But at the same time, there's always been a question about where to put those nuclear plants, whether those nuclear plants are safe. There has been -- like your previous segment's commentator suggested, there has been an issue of safety, an accident in the Tokaimura area. And the Japanese government at that time and also Tokyo Electric Power Company, who runs these nuclear power plants, have not been forthcoming exactly about information.
JEFFREY BROWN: So there is a history even on that subject.
YUKI TATSUMI: Yes. Yes.
JEFFREY BROWN: There is a wariness already built in to official statements?
YUKI TATSUMI: Yes. Yes.
And then I think that the Japanese government's first instinct is to try to convince people not to panic. And that's why, sometimes, the tone of their announcements are subdued or -- I don't mean to say that they are -- they are treating it less seriously than they actually are.
But the way of delivering the information is -- they have the clear sense in my mind that they do not want the public to panic. But, in this case, more information is the better. More timely information is the better. And the Japanese government has not been quite doing that. So, I think it is actually aggravating public anxiety.
JEFFREY BROWN: Now, more broadly, because, of course, there are multiple calamities here, what can you tell -- it's early still -- but even anecdotally from family and friends you talk to, about what this -- I mean, it's an incredible shock for any society. So what are you hearing about how people are taking it, accepting it, dealing with it?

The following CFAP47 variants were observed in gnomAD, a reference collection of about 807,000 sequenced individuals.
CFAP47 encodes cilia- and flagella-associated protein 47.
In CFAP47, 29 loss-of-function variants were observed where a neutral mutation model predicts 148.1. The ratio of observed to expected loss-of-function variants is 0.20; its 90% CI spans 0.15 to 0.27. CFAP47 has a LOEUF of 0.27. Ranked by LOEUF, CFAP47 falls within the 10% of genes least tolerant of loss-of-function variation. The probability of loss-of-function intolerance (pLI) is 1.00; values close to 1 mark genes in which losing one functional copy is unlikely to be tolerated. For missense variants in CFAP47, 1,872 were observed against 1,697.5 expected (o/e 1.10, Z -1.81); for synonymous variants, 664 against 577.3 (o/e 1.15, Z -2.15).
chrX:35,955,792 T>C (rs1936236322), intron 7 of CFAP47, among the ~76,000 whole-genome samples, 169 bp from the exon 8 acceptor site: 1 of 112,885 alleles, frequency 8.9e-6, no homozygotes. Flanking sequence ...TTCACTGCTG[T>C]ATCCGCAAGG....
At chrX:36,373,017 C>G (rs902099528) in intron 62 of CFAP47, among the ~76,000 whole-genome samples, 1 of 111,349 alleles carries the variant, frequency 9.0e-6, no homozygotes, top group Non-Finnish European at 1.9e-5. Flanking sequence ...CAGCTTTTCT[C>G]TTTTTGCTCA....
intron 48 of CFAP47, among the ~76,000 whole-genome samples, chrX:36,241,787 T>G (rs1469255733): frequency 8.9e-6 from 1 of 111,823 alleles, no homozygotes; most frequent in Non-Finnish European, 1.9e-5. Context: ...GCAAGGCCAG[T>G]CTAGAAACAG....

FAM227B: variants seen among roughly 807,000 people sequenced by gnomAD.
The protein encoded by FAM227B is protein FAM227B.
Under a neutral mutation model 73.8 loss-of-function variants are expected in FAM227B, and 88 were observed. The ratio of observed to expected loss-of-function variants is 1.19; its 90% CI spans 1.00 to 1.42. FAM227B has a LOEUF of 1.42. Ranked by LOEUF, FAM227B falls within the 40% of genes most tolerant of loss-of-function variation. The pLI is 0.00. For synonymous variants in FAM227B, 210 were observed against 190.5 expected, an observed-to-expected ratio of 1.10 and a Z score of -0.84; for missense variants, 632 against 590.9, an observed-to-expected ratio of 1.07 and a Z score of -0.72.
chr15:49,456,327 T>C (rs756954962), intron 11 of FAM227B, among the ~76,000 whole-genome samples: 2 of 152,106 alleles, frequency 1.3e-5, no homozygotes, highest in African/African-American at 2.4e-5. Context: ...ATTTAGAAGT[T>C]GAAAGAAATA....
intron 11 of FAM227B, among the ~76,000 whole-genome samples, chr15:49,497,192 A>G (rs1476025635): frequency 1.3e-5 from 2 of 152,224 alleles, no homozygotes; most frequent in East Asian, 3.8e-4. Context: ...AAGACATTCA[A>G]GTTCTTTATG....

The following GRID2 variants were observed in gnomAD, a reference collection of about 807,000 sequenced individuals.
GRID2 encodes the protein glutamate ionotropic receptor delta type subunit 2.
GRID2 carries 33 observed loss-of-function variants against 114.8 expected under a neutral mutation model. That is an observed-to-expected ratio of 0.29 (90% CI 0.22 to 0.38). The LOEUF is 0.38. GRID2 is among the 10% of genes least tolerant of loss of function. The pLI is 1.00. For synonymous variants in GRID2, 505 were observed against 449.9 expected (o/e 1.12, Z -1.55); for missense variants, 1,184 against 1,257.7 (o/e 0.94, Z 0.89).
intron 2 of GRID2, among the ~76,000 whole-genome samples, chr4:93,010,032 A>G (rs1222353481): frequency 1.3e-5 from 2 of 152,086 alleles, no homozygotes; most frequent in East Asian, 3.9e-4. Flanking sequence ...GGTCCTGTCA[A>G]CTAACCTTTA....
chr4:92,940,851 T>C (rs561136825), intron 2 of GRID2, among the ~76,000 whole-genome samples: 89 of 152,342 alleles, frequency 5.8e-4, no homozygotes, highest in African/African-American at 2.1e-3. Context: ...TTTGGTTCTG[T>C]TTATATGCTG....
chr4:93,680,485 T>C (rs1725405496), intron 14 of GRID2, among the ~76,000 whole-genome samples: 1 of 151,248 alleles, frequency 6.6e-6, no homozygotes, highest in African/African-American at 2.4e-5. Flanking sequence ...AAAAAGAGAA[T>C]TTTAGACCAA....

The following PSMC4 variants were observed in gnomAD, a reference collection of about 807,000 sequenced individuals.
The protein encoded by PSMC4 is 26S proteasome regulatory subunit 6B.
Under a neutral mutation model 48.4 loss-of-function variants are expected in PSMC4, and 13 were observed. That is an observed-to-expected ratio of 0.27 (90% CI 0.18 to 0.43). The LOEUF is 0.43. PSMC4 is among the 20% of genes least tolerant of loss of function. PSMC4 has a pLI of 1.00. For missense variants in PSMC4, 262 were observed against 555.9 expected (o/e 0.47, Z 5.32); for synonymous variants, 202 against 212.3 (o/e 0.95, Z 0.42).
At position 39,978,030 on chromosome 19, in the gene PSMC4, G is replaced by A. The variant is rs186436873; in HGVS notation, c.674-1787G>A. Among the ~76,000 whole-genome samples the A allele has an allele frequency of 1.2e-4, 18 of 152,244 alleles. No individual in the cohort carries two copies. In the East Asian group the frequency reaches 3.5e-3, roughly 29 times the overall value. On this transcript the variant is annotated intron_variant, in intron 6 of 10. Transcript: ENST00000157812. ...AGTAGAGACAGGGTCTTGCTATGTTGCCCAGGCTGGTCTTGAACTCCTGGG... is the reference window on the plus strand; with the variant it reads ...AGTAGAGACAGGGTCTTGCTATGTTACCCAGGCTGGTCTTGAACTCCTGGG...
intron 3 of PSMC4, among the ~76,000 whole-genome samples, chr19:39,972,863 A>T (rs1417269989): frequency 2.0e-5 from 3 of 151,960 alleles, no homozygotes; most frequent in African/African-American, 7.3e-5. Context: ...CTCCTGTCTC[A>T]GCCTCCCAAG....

YUKI TATSUMI: Well, thankfully, all my friends ask families are in the immediate Tokyo metropolitan area, so I have been -- established contact with most of them so far. And, actually, my husband also is in Tokyo at this moment. So, we have been trying to talk as much as possible.
But on the day of the earthquake, entire phone line was down, cell phone was not working. The only person that I was able to get through is my mother, who has a conventional landline old phone. And my husband's cell phone was not -- I wasn't able to get through until very much later that day.
And even now, when my husband tries call me in the United States, he has to try -- make repeated attempts. So, there is -- it's still clearly an issue in terms of the telecommunication infrastructure.
And then, also, I hear anecdotes from him that -- you know, my mother-in-law tries to fill up the gas, and she had to wait for about four to five hours to fill up the gas.
JEFFREY BROWN: They're not used to that in an affluent, very wealthy country, right?
YUKI TATSUMI: They are not.
They are very used to prompt, on-time service. So that is quite an anomaly. And one more thing is that especially those people in urban area are used to having abundant electricity, abundant resources, abundant water. So, even the rolling blackout that you actually do hear about in this country every summer is completely new to them, also.
JEFFREY BROWN: All right, an enormous challenge, even where it's not feeling the brunt of it.
YUKI TATSUMI: Exactly.
JEFFREY BROWN: Yuki Tatsumi, thank you very much.
YUKI TATSUMI: Thank you.